Tourism industry solution focused on freedom camping
A new body to consider freedom camping must create a broad consensus on the solutions that will address community concerns, says Tourism Industry Aotearoa.
Tourism Minister Kelvin Davis has announced the members of the Government’s working group on freedom camping, including TIA Chief Executive Chris Roberts.
“The industry has done a lot of thoughtful research and policy development on this issue already, and we are looking forward to working further with the Government and the local council representatives through the working group. We hope to reach agreement on solutions that will put a full stop to the debate on how to manage freedom camping,” Mr Roberts says.
“The issues are complex. Some regions welcome freedom campers and would love more while others want to restrict the activity. There is a role for Government to play in providing some national guidance but every community needs to determine what works best for them.”
TIA convenes the New Zealand Responsible Camping Forum, which brings together about 30 representatives from the public and private sectors, including rental vehicle operators, tourism associations, camping app developers, local councils and government agencies. The Forum has agreed on some key approaches for managing camping issues, which include a mix of good information, appropriate infrastructure and enforcement measures.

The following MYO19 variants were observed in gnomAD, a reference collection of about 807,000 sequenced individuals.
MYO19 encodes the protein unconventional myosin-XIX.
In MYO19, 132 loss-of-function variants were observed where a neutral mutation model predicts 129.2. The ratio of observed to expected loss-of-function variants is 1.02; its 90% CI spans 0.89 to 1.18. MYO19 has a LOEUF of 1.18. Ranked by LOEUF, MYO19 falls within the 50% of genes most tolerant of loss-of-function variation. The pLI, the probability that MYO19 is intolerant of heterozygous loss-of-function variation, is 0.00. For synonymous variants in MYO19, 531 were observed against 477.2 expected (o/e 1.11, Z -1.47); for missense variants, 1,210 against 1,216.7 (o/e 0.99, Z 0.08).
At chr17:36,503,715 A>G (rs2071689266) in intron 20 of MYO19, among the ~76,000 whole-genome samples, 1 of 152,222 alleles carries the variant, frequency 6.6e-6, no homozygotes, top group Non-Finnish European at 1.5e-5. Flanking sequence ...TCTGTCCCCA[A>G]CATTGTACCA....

Over the last two summers, the Forum has run a very successful social media campaign, sharing information on camping that has reached more than 605,000 people via Facebook.
“Not all free campers are the same – they are made up of various groups including young international and domestic travellers, ‘grey nomads’, seasonal workers and the homeless. The majority of campers act responsibly and obey the rules. It’s only a small number who create problems,” Mr Roberts says.
“We know that many New Zealanders enjoy the privilege of free camping so we must be mindful of their rights in this debate.”
While acknowledging the ‘right to roam’ that some groups hold dear, the Forum’s central message to campers is that they should always check local camping rules and, in the interests of personal safety, protecting the environment and having a positive visitor experience, stay at holiday parks, Department of Conservation campsites or other designated camping areas. Those not using certified self-contained vehicles must stay at campsites with toilet facilities.
“Where issues are arising, there are responses that will meet the needs of both local communities and visitors. TIA will bring all the knowledge built up through the Responsible Camping Forum to the new working group.”
The other tourism industry and campers’ representatives on the working group are Grant Webster of Tourism Holdings Limited and Bruce Lochore of the New Zealand Motor Caravan Association.
For more information on the New Zealand Responsible Camping Forum, go to http://www.tia.org.nz/advocacy/tia-projects/responsible-camping.